2 Feb 2018 - The Scottish Government has announced new funding to support the development of four Marine Protected Areas (MPAs) around the Scottish coastline.
The four MPAs include the Sea of the Hebrides MPA, Shiant East Bank MPA, North-East Lewis MPA and Southern Trench MPA, all of which were first proposed in 2012 but development was delayed in order to gather more evidence that the additional protections were needed. Scottish National Heritage commissioned a study which formally recommended the development of the MPAs, and funding was announced on 31 January 2018.
The new MPAs will be the world's first sites to offer protection for minke whales, basking sharks and Risso's dolphins. Although cetaceans are already protected under EU law, and basking sharks under the Nature Conservation (Scotland) Act, the new MPAs will provide additional resources to ensure the protection of the animals in areas where they are now known to congregate, especially for feeding, breeding and calving.
Minke whales are mostly seasonal visitors, returning each year to feed in the rich coastal waters such as the Sea of the Hebrides and the Southern Trench. Aside from their importance as a species, they are a great benefit to Scottish tourism, with more than 51,000 visitors reported to have participated in whale watching tours during 2015. Risso's dolphins are found throughout the year and many young calves have been spotted around the Isle of St Lewis.
Basking sharks are listed as endangered by the IUCN, and although they are already afforded protection in Scottish waters, research in 2016 by the University of Exeter and the Marine Conservation Society demonstrated how the Sea of the Hebrides is particularly important to the species, in an area where they are known to congregate.
'We commend the Scottish Government’s commitment to speed up progress on Scotland’s MPA network, which along with welcome existing commitments, will help ensure healthy seas now and tomorrow,' says Calum Duncan of the Marine Conservation Society. 'These four MPAs are urgently needed to fill gaps in the network, particularly for the endangered basking shark and other iconic species, but also for sand eels, sea fan and sponge habitats and landscape-scale features important for the wider health of Scotland’s seas, provided they become well-managed.'
Sarah Dolman of the Whale and Dolphin Conservation (WDC) organisation, expressed her delight at the announcement. 'We were proud to provide Scottish Government with more than 36,000 postcards supporting whale and dolphin MPAs, alongside our own scientific evidence back in 2012. These MPAs will be world-firsts – including for Risso’s dolphins, where WDC have been studying their little-known calving and feeding behaviour off Lewis since 2010. Once designation and management are in place, these MPAs will ensure the protection of Scotland’s much loved marine wildlife, including minke whales and Risso’s dolphins.'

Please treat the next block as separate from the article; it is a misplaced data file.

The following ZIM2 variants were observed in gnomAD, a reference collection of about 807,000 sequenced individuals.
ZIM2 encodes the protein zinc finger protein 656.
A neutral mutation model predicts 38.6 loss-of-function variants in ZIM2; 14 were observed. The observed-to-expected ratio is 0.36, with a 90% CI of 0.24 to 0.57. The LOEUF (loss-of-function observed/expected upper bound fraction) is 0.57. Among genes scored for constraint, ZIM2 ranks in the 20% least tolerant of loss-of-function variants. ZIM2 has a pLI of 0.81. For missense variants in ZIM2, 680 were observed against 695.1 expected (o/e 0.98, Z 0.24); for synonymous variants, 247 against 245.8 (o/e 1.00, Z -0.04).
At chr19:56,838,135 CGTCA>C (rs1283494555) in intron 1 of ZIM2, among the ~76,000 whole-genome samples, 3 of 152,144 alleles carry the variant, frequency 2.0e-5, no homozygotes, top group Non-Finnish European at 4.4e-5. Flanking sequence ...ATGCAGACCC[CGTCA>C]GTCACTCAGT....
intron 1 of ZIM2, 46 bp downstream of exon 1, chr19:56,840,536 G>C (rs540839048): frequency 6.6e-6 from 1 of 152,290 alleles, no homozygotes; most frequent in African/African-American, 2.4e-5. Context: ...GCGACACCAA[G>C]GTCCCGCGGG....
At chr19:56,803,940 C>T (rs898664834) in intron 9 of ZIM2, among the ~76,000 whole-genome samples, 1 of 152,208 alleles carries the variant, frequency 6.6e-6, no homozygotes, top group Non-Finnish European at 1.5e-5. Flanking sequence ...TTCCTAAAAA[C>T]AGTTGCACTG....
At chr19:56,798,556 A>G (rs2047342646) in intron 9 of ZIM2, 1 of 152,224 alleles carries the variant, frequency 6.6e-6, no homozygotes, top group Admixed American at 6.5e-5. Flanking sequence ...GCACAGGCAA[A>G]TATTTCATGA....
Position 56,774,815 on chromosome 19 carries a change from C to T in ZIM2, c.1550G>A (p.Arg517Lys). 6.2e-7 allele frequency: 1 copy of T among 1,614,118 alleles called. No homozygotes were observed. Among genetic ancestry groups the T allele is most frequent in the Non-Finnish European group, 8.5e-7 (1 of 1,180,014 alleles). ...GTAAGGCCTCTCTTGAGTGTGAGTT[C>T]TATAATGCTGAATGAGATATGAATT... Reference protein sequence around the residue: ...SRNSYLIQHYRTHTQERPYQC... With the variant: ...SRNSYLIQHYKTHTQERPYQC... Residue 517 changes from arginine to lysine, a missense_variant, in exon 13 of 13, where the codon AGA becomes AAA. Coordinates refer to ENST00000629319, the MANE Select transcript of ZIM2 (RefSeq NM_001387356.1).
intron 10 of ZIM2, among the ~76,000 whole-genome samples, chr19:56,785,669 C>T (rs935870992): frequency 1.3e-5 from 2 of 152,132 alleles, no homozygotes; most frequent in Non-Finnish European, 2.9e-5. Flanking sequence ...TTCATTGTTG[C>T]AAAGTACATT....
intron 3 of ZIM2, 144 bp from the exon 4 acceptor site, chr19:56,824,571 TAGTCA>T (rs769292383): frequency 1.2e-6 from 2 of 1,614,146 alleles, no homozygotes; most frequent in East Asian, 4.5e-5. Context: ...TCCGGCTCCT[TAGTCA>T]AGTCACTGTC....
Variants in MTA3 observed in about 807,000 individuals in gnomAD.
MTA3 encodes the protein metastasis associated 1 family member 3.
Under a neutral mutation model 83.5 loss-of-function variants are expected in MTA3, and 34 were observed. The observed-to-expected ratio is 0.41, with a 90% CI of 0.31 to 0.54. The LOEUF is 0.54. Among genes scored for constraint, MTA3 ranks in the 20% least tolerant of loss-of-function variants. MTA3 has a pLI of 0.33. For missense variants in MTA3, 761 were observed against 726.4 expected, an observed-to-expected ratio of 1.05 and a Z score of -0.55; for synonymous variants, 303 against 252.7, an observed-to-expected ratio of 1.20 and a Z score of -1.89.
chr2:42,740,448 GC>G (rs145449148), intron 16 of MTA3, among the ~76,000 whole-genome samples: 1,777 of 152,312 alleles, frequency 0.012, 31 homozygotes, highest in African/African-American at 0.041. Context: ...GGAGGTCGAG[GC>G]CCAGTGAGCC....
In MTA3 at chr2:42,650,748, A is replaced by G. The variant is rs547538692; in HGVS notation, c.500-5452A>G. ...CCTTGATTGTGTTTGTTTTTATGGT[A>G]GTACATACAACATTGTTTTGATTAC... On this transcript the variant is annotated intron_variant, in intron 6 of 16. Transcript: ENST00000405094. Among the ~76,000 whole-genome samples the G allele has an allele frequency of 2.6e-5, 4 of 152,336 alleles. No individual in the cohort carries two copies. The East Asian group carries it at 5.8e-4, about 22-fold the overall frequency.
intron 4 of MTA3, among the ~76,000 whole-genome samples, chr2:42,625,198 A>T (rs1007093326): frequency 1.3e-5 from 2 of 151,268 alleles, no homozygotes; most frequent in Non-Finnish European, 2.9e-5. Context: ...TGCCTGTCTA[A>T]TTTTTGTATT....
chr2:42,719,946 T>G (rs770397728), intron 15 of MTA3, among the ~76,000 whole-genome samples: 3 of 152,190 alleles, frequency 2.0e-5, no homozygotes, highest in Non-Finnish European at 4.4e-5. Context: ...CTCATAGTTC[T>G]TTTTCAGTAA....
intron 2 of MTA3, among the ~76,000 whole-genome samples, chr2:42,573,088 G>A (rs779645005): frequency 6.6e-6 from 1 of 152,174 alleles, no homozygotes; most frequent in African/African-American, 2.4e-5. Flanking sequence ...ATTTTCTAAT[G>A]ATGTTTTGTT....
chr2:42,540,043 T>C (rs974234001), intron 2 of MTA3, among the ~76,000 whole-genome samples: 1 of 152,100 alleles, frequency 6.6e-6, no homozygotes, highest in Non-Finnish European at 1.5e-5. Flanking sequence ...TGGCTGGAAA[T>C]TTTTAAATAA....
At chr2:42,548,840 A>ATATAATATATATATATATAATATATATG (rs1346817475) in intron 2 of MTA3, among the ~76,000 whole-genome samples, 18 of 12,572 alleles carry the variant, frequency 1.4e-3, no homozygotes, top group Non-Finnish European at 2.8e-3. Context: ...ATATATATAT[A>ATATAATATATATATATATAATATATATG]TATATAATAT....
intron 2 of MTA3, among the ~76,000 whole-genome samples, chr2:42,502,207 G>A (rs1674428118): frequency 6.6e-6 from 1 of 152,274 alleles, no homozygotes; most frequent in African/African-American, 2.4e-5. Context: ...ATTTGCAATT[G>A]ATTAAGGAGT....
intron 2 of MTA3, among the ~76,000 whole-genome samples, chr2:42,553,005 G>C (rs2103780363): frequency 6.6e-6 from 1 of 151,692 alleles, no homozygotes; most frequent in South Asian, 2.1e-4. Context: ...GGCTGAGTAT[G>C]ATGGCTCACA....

Dr Sam Collin, Marine Planning Officer for the Scottish Wildlife Trust said: 'There is wealth of research pointing to the significance of these areas for species including basking sharks and minke whale so we’re very pleased that the Scottish Government has now committed to moving these new Marine Protected Areas forward. The designation of these sites would reinforce the Scottish Government’s commitment through the UN Sustainable Development Goals to conserve and sustainably use Scotland’s seas.'
Dr Lauren Hartny-Mills, Science and Policy Officer for the Hebridean Whale and Dolphin Trust: “We are absolutely thrilled to hear that the Scottish Government plans to progress these important MPAs which will help protect Scotland’s iconic mobile species. Our research on cetaceans and basking sharks on the west coast of Scotland has helped provide the scientific evidence needed to support these sites. These MPAs will protect important feeding and breeding grounds for charismatic species such as minke whales in the Sea of Hebrides, where some individuals have been returning every year for over a decade. With our marine environments under increasing pressure from human activity and the effects of climate change, we need to act now to provide the protection they need.'
MPAs are recognised as an effective conservation tool globally, and with the right management measures in place can provide much needed spatial protection to highly mobile species as well as seabed habitats. As well as the larger, mobile species, the MPAs will increase protection for sand eels, sea fan and sponge communities, as well as burrowed mud, oceanic fronts, shelf banks and mounds, and sand and mixed sediment communities.